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n the Chajnantor plateau of the Chilean Andes, in South America, at an altitude of 5,000 meters above sea level, countless white bowls kiss the sun. An array of parabolic “dish” antennas observe the universe in unison, capturing large numbers of radio waves. The antennas aim with unique precision to detect, track and analyze data in radio frequency, and merge information at a central processor—the largest ever built. If they are perfectly synchronized, a precision much better than one millionth of a millionth of a second between equipment located kilometers apart, scientists are able to see the sky interferometrically. The ground-based radio telescope was introduced to the world as the Atacama Large Millimeter/submillimeter Array (ALMA). In type and scope, the facility could be compared to the Very Large Array in New Mexico or the Institute of Millimetric Radio Astronomy (IRAM) in France, but with a much higher resolution. More than thirty of the sixty-six onsite antennas are able to achieve imaging in higher densities and spatial/spectral resolution. At millimeter and sub-millimeter wavelengths (0.3 to 9.6mm), astronomers are able to study celestial objects such as swirling gas that formed the first stars in the very early universe, billions of years ago. Scientific observations began at the end of September, and the global scientific community raced to take part in the largest astronomical project to date. Professors and students of astronomy, and scientists from various fields of study, submitted close to a thousand proposals for the first round of observation,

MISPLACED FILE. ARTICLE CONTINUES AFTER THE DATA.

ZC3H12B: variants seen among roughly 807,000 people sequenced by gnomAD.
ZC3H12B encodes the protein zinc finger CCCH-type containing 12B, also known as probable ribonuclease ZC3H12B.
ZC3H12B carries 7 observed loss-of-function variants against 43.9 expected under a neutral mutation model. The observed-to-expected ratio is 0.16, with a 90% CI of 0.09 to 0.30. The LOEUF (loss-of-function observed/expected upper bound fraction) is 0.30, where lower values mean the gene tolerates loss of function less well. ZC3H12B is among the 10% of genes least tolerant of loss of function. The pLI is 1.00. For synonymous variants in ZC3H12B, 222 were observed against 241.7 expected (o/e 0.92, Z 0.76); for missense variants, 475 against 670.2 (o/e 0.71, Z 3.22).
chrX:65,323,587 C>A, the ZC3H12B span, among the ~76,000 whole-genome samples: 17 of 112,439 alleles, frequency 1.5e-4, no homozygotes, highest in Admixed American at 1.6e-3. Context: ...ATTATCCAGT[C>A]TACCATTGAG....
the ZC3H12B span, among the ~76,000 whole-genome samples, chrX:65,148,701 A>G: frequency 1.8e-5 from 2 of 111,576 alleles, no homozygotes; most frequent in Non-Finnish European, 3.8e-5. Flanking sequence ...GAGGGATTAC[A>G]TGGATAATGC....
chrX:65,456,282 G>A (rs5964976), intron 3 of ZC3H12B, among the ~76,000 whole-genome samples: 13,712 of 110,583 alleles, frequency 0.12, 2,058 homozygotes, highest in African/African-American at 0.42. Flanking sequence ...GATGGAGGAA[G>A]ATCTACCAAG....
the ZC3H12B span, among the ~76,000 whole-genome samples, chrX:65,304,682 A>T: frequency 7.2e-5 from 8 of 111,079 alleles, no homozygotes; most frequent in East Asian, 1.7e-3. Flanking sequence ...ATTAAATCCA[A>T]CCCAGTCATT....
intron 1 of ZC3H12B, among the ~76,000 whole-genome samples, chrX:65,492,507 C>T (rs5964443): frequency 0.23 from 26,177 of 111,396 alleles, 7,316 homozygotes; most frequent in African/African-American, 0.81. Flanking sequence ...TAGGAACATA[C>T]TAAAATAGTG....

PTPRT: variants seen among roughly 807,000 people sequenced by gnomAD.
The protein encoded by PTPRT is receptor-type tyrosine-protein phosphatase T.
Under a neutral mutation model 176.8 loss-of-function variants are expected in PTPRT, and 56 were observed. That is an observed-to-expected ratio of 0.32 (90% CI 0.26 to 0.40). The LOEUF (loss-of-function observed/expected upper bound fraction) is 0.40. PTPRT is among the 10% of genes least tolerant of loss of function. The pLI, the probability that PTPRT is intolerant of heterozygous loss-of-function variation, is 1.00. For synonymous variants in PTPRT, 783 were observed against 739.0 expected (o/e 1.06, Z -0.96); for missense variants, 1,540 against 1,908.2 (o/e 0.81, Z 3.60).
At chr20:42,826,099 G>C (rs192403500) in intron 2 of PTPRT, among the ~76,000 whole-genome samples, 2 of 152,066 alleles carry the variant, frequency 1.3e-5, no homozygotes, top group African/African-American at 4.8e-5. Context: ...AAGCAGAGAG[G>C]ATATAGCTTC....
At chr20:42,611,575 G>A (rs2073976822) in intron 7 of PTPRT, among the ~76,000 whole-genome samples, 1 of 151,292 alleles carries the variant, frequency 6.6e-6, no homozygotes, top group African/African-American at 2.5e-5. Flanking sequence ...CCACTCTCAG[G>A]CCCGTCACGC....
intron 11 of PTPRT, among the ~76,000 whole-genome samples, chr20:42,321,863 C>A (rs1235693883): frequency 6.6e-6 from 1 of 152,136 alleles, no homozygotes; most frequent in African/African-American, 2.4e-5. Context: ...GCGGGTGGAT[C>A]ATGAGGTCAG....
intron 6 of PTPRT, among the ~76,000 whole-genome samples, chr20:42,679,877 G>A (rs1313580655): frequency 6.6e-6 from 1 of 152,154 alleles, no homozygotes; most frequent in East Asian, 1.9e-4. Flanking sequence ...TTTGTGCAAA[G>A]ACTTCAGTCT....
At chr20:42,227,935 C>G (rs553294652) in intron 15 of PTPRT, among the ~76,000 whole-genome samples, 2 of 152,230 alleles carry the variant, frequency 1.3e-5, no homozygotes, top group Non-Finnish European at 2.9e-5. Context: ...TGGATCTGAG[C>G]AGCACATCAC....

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dubbed Early Science. A panel of seventy-five judges assessed applications on scientific value and technical feasibility, and selected around one hundred highpriority projects divided into four broad categories such as Stellar Evolution and Cosmology. Projects were approved from prestigious technical universities, California Institute of Technology (Caltech) and Chalmers University of Technology in Sweden, prominent research institutions, IRAM and Harvard-Smithsonian Center for Astrophysics, and world-renowned observatories, Marseilles Observatory in France and European Southern Observatory (ESO) in Chile. Recipients from North America (including the American space agency NASA) topped the list, followed by France and Japan. Not one recipient from Lebanon submitted a proposal, however, I had recently learned of two Lebanese astronomers that had applied with two separate, non-Lebanese institutions. Dr. Cyrine Nehme from Notre Dame University (NDU), traveled to IRAM to study planets outside of the


RAGMAG Shining Rays Issue | July 2012 | issue #26 | FOLLOW US ON TWITTER @RAGMAGLebanon | FACEBOOK ragmag | PINTEREST Ragmag | In this issue: TORY BURCH, HANAA BEN ABDE...

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